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The Women and Men of Harvard Law School: The Preliminary Results from the HLS Career Study

86 Pages Posted: 23 May 2015  

David B. Wilkins

Harvard University - Center on the Legal Profession

Bryon Fong

Harvard Law School - Center on the Legal Profession

Ronit Dinovitzer

University of Toronto; American Bar Foundation

Date Written: May 22, 2015

Abstract

There is widespread consensus that the legal profession stands at an important inflection point. Traditional models of professional organization, practice, and education are under increasing pressure to adapt to important changes in the environments in which lawyers work. At the same time, these same forces make the profession’s commitment to its traditional ideals of equality and the rule of law more relevant and important than ever.

The current status of women in the legal profession mirrors this complex duality. On the one hand, the number of women entering the profession has increased dramatically in recent decades, and women lawyers can now be found in leadership positions in virtually every major legal institution in the country, including three female justices on the United States Supreme Court. And yet, the percentage of women in these top positions remains far below their representation in the profession, even when adjusted for the fact that women did not begin to enter legal practice in significant numbers until the 1970s. To make matters worse, even women who have achieved important career success appear to be leaving their prestigious positions - and the profession as a whole - in alarming numbers.

It is against this background that we offer this Preliminary Report on The Women and Men of Harvard Law School. The Preliminary Report presents the results of the Harvard Law School Career Study (HLSCS), conducted by the school’s Center on the Legal Profession (CLP). Begun with a generous grant from a visionary group of women alumnae in connection with the 55th celebration of the graduation of the school’s first female students in 1953, the study seeks to deepen the understanding of the career choices made by HLS graduates by providing for the first time systematic empirical information about the careers trajectories of graduates from different points in the school’s history. In this Preliminary Report, we offer a first look at the Study’s findings about the salient similarities and differences between the careers of the school’s female and male graduates.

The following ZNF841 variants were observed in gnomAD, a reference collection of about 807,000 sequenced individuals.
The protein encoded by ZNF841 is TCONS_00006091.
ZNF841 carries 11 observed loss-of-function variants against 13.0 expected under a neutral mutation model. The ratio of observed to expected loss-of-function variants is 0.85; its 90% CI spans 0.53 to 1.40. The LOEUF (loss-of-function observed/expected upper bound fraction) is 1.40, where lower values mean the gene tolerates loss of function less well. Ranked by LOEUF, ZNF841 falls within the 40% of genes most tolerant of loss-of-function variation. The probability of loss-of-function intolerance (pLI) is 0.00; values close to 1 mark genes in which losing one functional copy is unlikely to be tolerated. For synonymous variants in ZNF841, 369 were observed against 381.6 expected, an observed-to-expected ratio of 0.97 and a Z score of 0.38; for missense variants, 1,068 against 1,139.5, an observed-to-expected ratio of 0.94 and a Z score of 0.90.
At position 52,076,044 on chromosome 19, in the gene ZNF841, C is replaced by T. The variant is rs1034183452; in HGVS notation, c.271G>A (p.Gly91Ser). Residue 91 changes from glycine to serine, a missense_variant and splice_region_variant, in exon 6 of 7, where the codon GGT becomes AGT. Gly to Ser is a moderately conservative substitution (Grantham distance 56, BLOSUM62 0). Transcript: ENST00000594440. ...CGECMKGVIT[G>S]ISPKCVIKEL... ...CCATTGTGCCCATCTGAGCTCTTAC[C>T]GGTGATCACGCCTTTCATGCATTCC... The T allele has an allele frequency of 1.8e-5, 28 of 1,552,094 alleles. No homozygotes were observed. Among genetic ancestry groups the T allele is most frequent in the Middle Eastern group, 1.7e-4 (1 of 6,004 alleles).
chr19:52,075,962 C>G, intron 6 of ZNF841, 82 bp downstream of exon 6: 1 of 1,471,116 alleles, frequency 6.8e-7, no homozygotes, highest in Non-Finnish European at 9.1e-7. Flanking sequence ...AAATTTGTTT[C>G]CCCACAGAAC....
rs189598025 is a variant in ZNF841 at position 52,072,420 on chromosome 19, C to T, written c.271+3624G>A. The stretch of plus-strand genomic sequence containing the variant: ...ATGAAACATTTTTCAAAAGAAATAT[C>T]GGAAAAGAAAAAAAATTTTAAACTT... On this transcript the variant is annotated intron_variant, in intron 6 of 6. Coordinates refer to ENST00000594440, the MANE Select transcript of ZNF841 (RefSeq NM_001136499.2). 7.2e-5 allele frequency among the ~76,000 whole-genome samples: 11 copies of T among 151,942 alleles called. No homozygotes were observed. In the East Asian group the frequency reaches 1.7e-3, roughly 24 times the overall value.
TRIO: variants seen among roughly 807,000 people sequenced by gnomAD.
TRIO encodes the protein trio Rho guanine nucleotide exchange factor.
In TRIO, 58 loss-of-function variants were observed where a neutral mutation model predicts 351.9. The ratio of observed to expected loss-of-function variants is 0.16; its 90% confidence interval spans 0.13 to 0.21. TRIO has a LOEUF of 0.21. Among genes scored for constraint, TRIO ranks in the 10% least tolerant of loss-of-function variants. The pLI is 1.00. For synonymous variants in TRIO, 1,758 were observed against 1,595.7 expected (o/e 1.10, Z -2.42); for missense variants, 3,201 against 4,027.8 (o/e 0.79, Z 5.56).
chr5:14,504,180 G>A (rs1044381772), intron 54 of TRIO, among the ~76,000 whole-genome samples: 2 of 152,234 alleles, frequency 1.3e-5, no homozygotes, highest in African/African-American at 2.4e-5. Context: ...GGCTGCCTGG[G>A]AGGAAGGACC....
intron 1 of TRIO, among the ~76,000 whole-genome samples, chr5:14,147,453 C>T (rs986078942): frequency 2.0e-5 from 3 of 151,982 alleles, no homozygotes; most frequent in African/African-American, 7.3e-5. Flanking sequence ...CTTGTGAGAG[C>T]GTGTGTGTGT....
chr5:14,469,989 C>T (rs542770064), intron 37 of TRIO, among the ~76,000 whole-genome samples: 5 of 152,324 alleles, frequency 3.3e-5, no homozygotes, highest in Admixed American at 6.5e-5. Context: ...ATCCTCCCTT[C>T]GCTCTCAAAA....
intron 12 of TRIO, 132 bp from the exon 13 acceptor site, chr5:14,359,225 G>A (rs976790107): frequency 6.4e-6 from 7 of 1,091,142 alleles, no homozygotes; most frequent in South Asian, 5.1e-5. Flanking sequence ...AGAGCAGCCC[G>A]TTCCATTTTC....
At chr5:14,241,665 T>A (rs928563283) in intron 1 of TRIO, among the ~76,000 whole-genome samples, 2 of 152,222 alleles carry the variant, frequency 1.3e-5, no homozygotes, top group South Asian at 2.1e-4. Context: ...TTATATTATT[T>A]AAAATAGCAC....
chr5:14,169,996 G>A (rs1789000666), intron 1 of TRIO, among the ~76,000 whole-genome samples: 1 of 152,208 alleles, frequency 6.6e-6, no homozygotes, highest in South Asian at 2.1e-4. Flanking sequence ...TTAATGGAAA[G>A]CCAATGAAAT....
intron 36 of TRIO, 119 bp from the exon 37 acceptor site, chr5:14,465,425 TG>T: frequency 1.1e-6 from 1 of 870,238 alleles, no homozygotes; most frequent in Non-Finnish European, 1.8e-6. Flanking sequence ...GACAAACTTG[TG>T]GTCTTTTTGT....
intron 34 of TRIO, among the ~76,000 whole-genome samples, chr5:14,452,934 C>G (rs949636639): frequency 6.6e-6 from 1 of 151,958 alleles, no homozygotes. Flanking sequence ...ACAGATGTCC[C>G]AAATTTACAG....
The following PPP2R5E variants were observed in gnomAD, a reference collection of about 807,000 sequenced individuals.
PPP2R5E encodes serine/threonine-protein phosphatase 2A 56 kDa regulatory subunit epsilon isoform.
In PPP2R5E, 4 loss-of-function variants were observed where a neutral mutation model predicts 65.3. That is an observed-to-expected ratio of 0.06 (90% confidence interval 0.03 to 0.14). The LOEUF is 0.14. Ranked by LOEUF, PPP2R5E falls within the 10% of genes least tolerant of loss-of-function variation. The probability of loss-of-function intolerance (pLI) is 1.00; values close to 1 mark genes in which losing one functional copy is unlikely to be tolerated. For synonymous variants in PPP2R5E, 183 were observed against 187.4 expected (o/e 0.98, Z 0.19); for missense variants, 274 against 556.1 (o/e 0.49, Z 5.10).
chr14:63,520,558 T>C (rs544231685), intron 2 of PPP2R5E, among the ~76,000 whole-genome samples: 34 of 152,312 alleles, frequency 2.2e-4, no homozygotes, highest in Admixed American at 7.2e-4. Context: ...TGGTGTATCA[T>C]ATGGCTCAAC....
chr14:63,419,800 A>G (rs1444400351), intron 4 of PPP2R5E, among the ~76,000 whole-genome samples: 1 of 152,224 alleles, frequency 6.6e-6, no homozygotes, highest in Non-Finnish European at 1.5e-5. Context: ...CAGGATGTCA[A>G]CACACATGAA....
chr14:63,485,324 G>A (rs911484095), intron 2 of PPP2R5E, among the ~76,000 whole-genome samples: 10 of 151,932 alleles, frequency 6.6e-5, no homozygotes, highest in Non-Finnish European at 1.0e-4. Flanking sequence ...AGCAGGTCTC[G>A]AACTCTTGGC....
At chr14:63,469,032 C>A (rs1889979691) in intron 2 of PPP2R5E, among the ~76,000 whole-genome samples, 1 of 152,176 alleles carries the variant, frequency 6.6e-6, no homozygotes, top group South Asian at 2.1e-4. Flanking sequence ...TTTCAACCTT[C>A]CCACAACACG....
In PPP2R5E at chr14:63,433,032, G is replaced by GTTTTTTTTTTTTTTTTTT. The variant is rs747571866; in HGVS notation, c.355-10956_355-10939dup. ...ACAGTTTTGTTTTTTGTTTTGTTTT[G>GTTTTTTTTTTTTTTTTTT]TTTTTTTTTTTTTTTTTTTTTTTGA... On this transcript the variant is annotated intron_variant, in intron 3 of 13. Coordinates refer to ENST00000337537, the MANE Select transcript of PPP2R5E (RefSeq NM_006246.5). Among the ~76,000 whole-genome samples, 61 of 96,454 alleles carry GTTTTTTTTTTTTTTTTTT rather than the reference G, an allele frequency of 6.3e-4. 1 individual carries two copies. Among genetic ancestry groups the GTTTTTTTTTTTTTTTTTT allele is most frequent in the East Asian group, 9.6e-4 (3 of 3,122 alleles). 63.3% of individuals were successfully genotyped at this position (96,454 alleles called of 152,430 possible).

Keywords: legal profession, legal careers, gender

Suggested Citation

Wilkins, David B. and Fong, Bryon and Dinovitzer, Ronit, The Women and Men of Harvard Law School: The Preliminary Results from the HLS Career Study (May 22, 2015). HLS Center on the Legal Profession Research Paper No. 2015-6. Available at SSRN: https://ssrn.com/abstract=2609499 or http://dx.doi.org/10.2139/ssrn.2609499

David B. Wilkins

Harvard University - Center on the Legal Profession ( email )

1585 Massachusetts Avenue
Wasserstein Hall, Suite 5018
Cambridge, MA 02138
United States

Bryon Fong (Contact Author)

Harvard Law School - Center on the Legal Profession ( email )

1585 Massachusetts Avenue
Wasserstein Hall, Suite 5018
Cambridge, MA 02138
United States

Ronit Dinovitzer

University of Toronto ( email )

Department of Sociology
Toronto, Ontario
Canada

American Bar Foundation ( email )

750 N. Lake Shore Drive
Chicago, IL 60611
United States

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